The pelvic part (pars pelvina) runs at first downward on the lateral wall of the pelvic cavity, along the anterior border of the greater sciatic notch and under cover of the peritoneum.
It lies in front of the hypogastric artery medial to the obturator nerve and the umbilical, obturator, inferior vesical, and middle hemorrhoidal arteries.
Opposite the lower part of the greater sciatic foramen it inclines medialward, and reaches the lateral angle of the bladder, where it is situated in front of the upper end of the seminal vesicle and at a distance of about 5 cm. from the opposite ureter; here the ductus deferens crosses to its medial side, and the vesical veins surround it.
Finally, the ureters run obliquely for about 2 cm. through the wall of the bladder (the intramural part of the ureter) and open by slit-like apertures into the cavity of the viscus at the lateral angles of the trigone. When the bladder is distended the openings of the ureters are about 5 cm. apart, but when it is empty and contracted the distance between them is diminished by one-half. Owing to their oblique course through the coats of the bladder, the upper and lower walls of the terminal portions of the ureters become closely applied to each other when the viscus is distended, and, acting as valves, prevent regurgitation of urine from the bladder.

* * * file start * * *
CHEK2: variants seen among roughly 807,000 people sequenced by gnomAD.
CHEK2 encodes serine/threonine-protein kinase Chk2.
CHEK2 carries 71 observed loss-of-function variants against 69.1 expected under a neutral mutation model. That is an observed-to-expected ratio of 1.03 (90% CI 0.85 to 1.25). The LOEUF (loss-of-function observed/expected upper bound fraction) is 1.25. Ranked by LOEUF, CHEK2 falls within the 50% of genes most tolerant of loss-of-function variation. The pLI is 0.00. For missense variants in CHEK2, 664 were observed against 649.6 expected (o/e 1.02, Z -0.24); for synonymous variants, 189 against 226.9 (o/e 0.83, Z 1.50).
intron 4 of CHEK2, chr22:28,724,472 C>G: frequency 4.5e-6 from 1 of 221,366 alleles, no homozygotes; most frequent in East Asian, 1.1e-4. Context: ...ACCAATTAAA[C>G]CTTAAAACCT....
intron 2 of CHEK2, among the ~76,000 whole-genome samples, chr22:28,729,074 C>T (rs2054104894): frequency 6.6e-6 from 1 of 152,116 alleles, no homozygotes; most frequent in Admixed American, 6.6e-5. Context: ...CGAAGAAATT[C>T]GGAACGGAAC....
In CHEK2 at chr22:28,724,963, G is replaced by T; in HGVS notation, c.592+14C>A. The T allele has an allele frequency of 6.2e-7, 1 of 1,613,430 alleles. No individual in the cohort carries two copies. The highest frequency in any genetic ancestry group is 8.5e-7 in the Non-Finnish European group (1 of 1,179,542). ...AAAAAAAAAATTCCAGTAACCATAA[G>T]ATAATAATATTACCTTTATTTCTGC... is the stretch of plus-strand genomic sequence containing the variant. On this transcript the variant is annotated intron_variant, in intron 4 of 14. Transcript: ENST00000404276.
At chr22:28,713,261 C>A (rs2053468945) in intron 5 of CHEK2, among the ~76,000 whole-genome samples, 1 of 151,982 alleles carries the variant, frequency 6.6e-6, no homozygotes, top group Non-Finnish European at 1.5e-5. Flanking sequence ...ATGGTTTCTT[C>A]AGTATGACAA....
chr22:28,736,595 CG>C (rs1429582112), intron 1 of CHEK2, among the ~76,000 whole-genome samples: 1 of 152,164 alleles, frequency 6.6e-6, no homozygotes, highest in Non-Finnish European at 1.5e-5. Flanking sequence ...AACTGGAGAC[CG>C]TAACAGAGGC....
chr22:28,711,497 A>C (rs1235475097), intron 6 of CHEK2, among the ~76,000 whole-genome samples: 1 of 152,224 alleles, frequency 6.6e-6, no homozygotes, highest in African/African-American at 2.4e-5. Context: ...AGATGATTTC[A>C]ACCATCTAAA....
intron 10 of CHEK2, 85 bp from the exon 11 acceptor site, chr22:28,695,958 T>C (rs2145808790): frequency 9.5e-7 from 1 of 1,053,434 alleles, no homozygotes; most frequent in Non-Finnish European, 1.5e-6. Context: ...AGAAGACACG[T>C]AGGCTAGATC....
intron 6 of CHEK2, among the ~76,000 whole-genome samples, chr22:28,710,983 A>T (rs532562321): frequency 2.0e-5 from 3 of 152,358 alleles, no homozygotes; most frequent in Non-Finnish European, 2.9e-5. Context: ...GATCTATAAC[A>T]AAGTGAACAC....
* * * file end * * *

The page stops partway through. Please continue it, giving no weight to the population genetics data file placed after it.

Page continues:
In the female, the ureter forms, as it lies in relation to the wall of the pelvis, the posterior boundary of a shallow depression named the ovarian fossa, in which the ovary is situated. It then runs medialward and forward on the lateral aspect of the cervix uteri and upper part of the vagina to reach the fundus of the bladder. In this part of its course it is accompanied for about 2.5 cm. by the uterine artery, which then crosses in front of the ureter and ascends between the two layers of the broad ligament. The ureter is distant about 2 cm. from the side of the cervix of the uterus. The ureter is sometimes duplicated on one or both sides, and the two tubes may remain distinct as far as the fundus of the bladder. On rare occasions they open separately into the bladder cavity.